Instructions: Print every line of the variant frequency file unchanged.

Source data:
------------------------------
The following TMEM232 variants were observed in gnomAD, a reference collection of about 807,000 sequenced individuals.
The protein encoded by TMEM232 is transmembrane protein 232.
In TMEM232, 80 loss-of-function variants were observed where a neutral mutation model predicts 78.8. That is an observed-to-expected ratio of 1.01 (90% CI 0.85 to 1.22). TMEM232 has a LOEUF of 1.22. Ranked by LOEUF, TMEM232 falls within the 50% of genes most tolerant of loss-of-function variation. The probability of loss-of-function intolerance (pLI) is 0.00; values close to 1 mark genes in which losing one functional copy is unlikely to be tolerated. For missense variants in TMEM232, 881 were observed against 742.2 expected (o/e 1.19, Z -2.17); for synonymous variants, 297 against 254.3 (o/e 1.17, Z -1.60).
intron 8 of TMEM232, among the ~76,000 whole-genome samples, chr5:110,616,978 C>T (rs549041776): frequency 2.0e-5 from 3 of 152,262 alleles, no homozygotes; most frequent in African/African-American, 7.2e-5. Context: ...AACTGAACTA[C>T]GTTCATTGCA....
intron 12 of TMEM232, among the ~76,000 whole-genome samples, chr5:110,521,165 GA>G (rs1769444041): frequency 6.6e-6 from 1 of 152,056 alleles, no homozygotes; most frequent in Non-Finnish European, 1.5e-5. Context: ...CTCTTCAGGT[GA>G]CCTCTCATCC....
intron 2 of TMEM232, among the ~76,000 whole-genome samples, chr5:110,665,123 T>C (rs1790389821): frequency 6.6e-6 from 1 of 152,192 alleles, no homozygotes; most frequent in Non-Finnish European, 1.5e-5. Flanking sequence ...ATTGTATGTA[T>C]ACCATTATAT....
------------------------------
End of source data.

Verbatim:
The following TMEM232 variants were observed in gnomAD, a reference collection of about 807,000 sequenced individuals.
The protein encoded by TMEM232 is transmembrane protein 232.
In TMEM232, 80 loss-of-function variants were observed where a neutral mutation model predicts 78.8. That is an observed-to-expected ratio of 1.01 (90% CI 0.85 to 1.22). TMEM232 has a LOEUF of 1.22. Ranked by LOEUF, TMEM232 falls within the 50% of genes most tolerant of loss-of-function variation. The probability of loss-of-function intolerance (pLI) is 0.00; values close to 1 mark genes in which losing one functional copy is unlikely to be tolerated. For missense variants in TMEM232, 881 were observed against 742.2 expected (o/e 1.19, Z -2.17); for synonymous variants, 297 against 254.3 (o/e 1.17, Z -1.60).
intron 8 of TMEM232, among the ~76,000 whole-genome samples, chr5:110,616,978 C>T (rs549041776): frequency 2.0e-5 from 3 of 152,262 alleles, no homozygotes; most frequent in African/African-American, 7.2e-5. Context: ...AACTGAACTA[C>T]GTTCATTGCA....
intron 12 of TMEM232, among the ~76,000 whole-genome samples, chr5:110,521,165 GA>G (rs1769444041): frequency 6.6e-6 from 1 of 152,056 alleles, no homozygotes; most frequent in Non-Finnish European, 1.5e-5. Context: ...CTCTTCAGGT[GA>G]CCTCTCATCC....
intron 2 of TMEM232, among the ~76,000 whole-genome samples, chr5:110,665,123 T>C (rs1790389821): frequency 6.6e-6 from 1 of 152,192 alleles, no homozygotes; most frequent in Non-Finnish European, 1.5e-5. Flanking sequence ...ATTGTATGTA[T>C]ACCATTATAT....